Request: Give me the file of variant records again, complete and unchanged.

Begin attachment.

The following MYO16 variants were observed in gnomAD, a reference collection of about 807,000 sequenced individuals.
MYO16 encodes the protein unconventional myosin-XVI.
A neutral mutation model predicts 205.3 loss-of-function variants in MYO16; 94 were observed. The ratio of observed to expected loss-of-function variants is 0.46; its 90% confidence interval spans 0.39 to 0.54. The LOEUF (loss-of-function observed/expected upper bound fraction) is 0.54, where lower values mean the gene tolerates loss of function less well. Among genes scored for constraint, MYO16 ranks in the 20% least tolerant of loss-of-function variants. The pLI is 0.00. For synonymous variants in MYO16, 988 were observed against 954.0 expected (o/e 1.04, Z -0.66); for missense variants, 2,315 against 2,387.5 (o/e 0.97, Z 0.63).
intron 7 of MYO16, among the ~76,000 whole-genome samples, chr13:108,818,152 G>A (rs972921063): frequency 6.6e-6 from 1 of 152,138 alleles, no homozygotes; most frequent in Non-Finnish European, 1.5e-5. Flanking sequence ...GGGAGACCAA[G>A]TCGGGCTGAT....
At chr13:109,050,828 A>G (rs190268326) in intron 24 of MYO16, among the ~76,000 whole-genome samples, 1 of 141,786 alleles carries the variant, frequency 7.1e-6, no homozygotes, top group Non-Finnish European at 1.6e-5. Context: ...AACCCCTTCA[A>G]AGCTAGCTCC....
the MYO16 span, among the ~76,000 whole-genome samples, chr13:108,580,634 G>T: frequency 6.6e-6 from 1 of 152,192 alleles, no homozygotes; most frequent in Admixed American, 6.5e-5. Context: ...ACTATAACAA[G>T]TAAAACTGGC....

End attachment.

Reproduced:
The following MYO16 variants were observed in gnomAD, a reference collection of about 807,000 sequenced individuals.
MYO16 encodes the protein unconventional myosin-XVI.
A neutral mutation model predicts 205.3 loss-of-function variants in MYO16; 94 were observed. The ratio of observed to expected loss-of-function variants is 0.46; its 90% confidence interval spans 0.39 to 0.54. The LOEUF (loss-of-function observed/expected upper bound fraction) is 0.54, where lower values mean the gene tolerates loss of function less well. Among genes scored for constraint, MYO16 ranks in the 20% least tolerant of loss-of-function variants. The pLI is 0.00. For synonymous variants in MYO16, 988 were observed against 954.0 expected (o/e 1.04, Z -0.66); for missense variants, 2,315 against 2,387.5 (o/e 0.97, Z 0.63).
intron 7 of MYO16, among the ~76,000 whole-genome samples, chr13:108,818,152 G>A (rs972921063): frequency 6.6e-6 from 1 of 152,138 alleles, no homozygotes; most frequent in Non-Finnish European, 1.5e-5. Flanking sequence ...GGGAGACCAA[G>A]TCGGGCTGAT....
At chr13:109,050,828 A>G (rs190268326) in intron 24 of MYO16, among the ~76,000 whole-genome samples, 1 of 141,786 alleles carries the variant, frequency 7.1e-6, no homozygotes, top group Non-Finnish European at 1.6e-5. Context: ...AACCCCTTCA[A>G]AGCTAGCTCC....
the MYO16 span, among the ~76,000 whole-genome samples, chr13:108,580,634 G>T: frequency 6.6e-6 from 1 of 152,192 alleles, no homozygotes; most frequent in Admixed American, 6.5e-5. Context: ...ACTATAACAA[G>T]TAAAACTGGC....